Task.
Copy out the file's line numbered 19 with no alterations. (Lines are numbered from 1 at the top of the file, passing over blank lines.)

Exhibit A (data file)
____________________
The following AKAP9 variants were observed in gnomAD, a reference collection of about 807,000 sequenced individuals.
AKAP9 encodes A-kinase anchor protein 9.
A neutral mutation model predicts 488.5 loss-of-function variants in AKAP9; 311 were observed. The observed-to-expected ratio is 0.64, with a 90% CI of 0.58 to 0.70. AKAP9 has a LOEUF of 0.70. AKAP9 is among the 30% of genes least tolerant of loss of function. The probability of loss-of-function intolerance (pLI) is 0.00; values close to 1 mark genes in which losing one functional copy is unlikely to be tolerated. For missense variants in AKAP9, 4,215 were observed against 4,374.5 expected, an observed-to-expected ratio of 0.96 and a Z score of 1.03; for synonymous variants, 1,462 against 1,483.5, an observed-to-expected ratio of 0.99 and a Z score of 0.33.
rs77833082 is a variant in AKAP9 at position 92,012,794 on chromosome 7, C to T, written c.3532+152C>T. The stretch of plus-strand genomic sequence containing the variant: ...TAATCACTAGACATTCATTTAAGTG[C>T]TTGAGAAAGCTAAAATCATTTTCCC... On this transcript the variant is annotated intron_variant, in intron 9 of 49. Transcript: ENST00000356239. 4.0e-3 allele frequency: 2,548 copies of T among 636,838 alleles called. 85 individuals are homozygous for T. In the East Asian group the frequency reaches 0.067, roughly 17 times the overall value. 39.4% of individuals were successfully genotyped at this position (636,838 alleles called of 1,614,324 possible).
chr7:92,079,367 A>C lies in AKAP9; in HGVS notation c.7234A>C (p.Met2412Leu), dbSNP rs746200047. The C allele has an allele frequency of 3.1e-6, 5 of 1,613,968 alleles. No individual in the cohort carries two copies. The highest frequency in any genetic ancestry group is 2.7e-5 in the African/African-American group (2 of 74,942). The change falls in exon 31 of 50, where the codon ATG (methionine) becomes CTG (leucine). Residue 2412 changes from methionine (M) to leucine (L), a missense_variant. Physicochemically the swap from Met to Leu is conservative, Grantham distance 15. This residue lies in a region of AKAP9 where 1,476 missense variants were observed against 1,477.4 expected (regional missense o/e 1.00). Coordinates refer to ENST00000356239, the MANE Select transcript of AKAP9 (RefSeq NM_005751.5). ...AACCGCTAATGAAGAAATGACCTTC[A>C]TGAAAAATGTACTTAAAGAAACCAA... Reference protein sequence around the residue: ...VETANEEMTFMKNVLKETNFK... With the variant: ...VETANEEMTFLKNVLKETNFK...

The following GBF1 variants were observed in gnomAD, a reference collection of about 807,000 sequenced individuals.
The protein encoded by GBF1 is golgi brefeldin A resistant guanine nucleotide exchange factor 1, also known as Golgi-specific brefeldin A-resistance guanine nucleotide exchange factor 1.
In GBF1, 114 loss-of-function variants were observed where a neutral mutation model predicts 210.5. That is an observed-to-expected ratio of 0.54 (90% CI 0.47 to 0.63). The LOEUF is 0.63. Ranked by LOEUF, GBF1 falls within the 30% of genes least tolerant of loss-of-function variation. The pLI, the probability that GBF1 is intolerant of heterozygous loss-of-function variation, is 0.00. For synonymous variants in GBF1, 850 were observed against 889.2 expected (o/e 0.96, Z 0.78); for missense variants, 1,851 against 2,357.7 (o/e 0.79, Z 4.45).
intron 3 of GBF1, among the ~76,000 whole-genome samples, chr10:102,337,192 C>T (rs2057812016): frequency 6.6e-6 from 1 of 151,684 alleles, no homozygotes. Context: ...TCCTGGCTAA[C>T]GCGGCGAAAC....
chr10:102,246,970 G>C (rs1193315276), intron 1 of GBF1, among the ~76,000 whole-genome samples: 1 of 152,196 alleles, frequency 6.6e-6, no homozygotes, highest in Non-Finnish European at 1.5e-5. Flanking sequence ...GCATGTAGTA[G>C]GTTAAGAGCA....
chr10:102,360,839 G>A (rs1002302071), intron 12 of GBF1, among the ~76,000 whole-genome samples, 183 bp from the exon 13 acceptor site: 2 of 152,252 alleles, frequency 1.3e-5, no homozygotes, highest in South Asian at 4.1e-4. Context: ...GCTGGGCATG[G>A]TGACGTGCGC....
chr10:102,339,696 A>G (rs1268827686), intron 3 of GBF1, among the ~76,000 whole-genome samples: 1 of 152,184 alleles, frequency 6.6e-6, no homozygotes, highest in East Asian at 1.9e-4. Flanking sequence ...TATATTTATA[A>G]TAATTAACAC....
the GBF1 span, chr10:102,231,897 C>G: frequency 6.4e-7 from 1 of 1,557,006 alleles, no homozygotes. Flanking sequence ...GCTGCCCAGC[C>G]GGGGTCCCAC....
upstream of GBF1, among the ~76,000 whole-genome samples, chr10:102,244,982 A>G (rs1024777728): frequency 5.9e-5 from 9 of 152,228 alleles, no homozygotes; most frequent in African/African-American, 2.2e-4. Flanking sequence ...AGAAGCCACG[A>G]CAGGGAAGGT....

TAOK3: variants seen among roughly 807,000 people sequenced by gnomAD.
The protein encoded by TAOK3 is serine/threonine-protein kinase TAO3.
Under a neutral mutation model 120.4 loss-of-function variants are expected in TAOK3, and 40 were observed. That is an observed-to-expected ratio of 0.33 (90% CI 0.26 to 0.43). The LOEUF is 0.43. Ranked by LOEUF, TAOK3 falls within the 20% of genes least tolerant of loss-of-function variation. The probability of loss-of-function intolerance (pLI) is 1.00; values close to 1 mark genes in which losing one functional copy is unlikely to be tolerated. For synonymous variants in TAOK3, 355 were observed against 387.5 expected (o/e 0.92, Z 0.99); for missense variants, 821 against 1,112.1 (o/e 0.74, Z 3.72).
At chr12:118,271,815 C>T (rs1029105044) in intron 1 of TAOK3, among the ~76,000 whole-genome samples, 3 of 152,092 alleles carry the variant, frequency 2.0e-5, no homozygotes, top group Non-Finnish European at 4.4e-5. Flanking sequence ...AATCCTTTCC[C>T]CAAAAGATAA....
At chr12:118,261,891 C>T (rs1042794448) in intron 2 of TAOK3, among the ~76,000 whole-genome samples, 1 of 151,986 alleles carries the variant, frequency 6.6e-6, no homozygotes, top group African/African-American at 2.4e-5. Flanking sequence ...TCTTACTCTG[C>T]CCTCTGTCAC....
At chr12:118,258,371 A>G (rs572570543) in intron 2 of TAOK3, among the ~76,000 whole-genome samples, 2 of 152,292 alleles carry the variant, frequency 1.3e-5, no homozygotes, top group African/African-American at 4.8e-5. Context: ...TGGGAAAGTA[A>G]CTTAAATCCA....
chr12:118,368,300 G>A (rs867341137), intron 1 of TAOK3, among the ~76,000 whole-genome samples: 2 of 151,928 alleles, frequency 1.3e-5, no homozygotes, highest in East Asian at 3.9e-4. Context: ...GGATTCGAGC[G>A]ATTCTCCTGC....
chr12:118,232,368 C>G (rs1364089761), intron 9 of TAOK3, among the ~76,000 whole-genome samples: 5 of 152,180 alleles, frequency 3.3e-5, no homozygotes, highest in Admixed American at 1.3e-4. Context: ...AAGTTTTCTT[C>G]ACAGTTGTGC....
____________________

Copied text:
At chr12:118,261,891 C>T (rs1042794448) in intron 2 of TAOK3, among the ~76,000 whole-genome samples, 1 of 151,986 alleles carries the variant, frequency 6.6e-6, no homozygotes, top group African/African-American at 2.4e-5. Flanking sequence ...TCTTACTCTG[C>T]CCTCTGTCAC....